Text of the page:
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Old 09-12-2008, 10:33 AM   #1
david1941
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SSH attacks, a new approach


In the last couple of days, my small network has been hit by dictionary attacks to my sshd port that are undetected by by my IP blocking routine. I have always blocked login attempts to specific user accounts and multiple attempts from any one IP. But this one used an array of source IPs, not from the same subnet and spaced about 12 minutes apart. My ssh attack demon does not catch these and I doubt that it will as I have not found any way to anticipate when and where the next attempt will come from.
I have considered closing the ssh port but that cuts off outside access from our remote use.

I guess I'll just have to rely on the allow users to work as these never seem to repeat from the same address. The attacker (and I think it is one perp) evidently has a whole slew of zombie machines just waiting to do his dirty work. <sigh>

Dave
 
Old 09-12-2008, 11:39 AM   #2
{BBI}Nexus{BBI}
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There's no point in panicking and closing that port unless you know some of your users have weak passwords, in which case you should force them to change them to a more secure one. I get those pathetic dictionary attacks too from time to time. I just keep a close eye on my firewall and machine logs. I run rootkit checkers and block the offending ips.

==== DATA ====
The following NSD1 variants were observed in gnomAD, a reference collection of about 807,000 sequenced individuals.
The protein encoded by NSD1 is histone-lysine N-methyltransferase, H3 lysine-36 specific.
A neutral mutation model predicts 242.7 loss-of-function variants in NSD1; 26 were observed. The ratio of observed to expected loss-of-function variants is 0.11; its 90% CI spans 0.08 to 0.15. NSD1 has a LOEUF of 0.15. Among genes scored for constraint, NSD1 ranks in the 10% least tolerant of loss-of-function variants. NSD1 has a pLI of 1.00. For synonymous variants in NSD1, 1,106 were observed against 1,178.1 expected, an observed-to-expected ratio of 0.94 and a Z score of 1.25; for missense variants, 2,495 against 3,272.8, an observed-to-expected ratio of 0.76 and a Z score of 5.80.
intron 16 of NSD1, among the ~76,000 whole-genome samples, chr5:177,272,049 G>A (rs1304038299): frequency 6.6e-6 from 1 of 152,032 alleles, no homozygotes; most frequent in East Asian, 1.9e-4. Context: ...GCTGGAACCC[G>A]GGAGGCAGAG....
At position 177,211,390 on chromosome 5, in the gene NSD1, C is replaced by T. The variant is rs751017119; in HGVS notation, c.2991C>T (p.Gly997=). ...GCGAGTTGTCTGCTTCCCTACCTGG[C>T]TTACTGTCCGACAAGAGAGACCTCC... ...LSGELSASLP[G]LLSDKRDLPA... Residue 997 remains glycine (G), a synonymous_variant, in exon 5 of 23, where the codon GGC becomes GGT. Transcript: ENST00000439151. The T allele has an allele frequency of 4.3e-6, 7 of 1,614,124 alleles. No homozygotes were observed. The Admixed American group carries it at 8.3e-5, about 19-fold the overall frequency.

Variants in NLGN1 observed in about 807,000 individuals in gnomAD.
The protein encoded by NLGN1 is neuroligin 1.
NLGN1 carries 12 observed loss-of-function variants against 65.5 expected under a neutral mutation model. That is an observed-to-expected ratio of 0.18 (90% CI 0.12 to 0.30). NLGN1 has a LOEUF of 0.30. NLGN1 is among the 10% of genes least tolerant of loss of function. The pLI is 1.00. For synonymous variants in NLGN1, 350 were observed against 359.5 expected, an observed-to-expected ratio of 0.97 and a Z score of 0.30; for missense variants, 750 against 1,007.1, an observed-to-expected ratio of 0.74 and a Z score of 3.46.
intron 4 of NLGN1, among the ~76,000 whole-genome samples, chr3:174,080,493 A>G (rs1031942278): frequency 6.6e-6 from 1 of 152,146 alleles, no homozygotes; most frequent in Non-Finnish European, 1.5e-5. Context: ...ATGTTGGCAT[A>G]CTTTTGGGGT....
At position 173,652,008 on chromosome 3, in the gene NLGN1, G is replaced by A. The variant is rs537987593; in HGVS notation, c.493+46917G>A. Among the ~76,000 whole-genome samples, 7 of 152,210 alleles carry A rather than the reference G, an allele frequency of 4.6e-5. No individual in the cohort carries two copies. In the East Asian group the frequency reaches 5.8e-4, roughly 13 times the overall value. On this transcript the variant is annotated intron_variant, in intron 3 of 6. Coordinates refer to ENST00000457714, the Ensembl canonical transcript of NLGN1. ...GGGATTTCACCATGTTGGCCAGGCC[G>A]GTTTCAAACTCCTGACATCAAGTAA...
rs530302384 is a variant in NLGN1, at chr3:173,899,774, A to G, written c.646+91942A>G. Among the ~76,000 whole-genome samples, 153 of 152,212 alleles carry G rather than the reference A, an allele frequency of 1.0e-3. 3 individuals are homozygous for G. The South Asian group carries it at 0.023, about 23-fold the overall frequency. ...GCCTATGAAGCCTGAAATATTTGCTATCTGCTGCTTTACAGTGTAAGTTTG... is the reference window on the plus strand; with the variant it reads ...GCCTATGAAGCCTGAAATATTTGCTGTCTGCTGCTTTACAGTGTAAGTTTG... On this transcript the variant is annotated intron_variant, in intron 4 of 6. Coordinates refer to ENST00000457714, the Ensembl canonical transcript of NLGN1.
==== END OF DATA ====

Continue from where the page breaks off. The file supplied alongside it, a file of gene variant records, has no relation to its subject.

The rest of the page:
Old 09-12-2008, 12:02 PM   #3
keefaz
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Maybe make the attacker life slightly harder by setting the SSH server to another port than port 22 ?
(will not avoid port scanning though)
 
Old 09-12-2008, 12:43 PM   #4
david1941
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The interesting thing about this attack was that each attempt came from a different source, with only two out of a hundred or so from the same class B network (different address though). It may be hard to get that many zombies to use a different port destination. I may try a time-phased port switching daemon to restart my sshd with a port related to a GMT hour key. If the attacker is using remotely controlled clones as it seems necessary, that may work to keep her at bay.

I have tested to see if open ssh connections are terminated on a sshd restart and didn't find it so. Maybe on a port switch they will die.

Oh well, thanks for the suggestions, guys. Using strong passwords is really indicated but hard to implement when you are related to your users. I rely a tiny bit on my network being so small and unknown, but that seems no help. Predators seek the weakest prey.

Dave
 
Old 09-12-2008, 12:49 PM   #5
anomie
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Quote:
Originally Posted by david1941
But this one used an array of source IPs, not from the same subnet and spaced about 12 minutes apart.
This is a "low and slow" style attack. If I were in your shoes, I would start enforcing strong password for your users.

Read the manpages for pam_passwdqc(8). I wrote a guide on using this particular pam facility if you're interested: http://daemonforums.org/showthread.php?t=1019

(The guide is aimed at FreeBSD sysadmins, but I did include a GNU/Linux section.)

Additionally, you may need to start getting proactive on auditing (i.e. John the Ripper).
 
Old 09-12-2008, 01:18 PM   #6
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If they are coming that slowly from that many different sources, then how are you identifying them as the same attacker?